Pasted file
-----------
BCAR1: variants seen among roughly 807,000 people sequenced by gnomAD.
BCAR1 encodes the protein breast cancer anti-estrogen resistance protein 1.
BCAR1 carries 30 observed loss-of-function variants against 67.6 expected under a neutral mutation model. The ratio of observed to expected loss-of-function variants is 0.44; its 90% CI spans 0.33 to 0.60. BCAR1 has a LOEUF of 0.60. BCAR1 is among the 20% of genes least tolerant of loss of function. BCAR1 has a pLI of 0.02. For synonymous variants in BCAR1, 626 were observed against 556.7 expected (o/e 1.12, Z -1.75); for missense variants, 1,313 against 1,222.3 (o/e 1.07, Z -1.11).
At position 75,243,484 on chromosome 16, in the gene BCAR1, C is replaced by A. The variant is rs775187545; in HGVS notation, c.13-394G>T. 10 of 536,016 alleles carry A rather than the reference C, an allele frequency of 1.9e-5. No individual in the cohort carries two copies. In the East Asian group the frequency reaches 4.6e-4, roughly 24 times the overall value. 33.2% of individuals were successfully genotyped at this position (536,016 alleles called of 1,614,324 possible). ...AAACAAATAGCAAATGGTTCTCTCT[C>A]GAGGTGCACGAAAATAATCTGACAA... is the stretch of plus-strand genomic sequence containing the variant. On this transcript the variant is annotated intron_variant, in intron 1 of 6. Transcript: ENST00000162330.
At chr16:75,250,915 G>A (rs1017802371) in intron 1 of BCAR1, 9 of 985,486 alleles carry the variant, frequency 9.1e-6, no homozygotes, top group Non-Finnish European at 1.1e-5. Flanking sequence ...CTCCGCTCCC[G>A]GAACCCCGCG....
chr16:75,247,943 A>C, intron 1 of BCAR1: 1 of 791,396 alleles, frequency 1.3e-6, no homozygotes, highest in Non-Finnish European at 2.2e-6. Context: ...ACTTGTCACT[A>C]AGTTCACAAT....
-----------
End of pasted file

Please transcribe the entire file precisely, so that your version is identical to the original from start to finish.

BCAR1: variants seen among roughly 807,000 people sequenced by gnomAD.
BCAR1 encodes the protein breast cancer anti-estrogen resistance protein 1.
BCAR1 carries 30 observed loss-of-function variants against 67.6 expected under a neutral mutation model. The ratio of observed to expected loss-of-function variants is 0.44; its 90% CI spans 0.33 to 0.60. BCAR1 has a LOEUF of 0.60. BCAR1 is among the 20% of genes least tolerant of loss of function. BCAR1 has a pLI of 0.02. For synonymous variants in BCAR1, 626 were observed against 556.7 expected (o/e 1.12, Z -1.75); for missense variants, 1,313 against 1,222.3 (o/e 1.07, Z -1.11).
At position 75,243,484 on chromosome 16, in the gene BCAR1, C is replaced by A. The variant is rs775187545; in HGVS notation, c.13-394G>T. 10 of 536,016 alleles carry A rather than the reference C, an allele frequency of 1.9e-5. No individual in the cohort carries two copies. In the East Asian group the frequency reaches 4.6e-4, roughly 24 times the overall value. 33.2% of individuals were successfully genotyped at this position (536,016 alleles called of 1,614,324 possible). ...AAACAAATAGCAAATGGTTCTCTCT[C>A]GAGGTGCACGAAAATAATCTGACAA... is the stretch of plus-strand genomic sequence containing the variant. On this transcript the variant is annotated intron_variant, in intron 1 of 6. Transcript: ENST00000162330.
At chr16:75,250,915 G>A (rs1017802371) in intron 1 of BCAR1, 9 of 985,486 alleles carry the variant, frequency 9.1e-6, no homozygotes, top group Non-Finnish European at 1.1e-5. Flanking sequence ...CTCCGCTCCC[G>A]GAACCCCGCG....
chr16:75,247,943 A>C, intron 1 of BCAR1: 1 of 791,396 alleles, frequency 1.3e-6, no homozygotes, highest in Non-Finnish European at 2.2e-6. Context: ...ACTTGTCACT[A>C]AGTTCACAAT....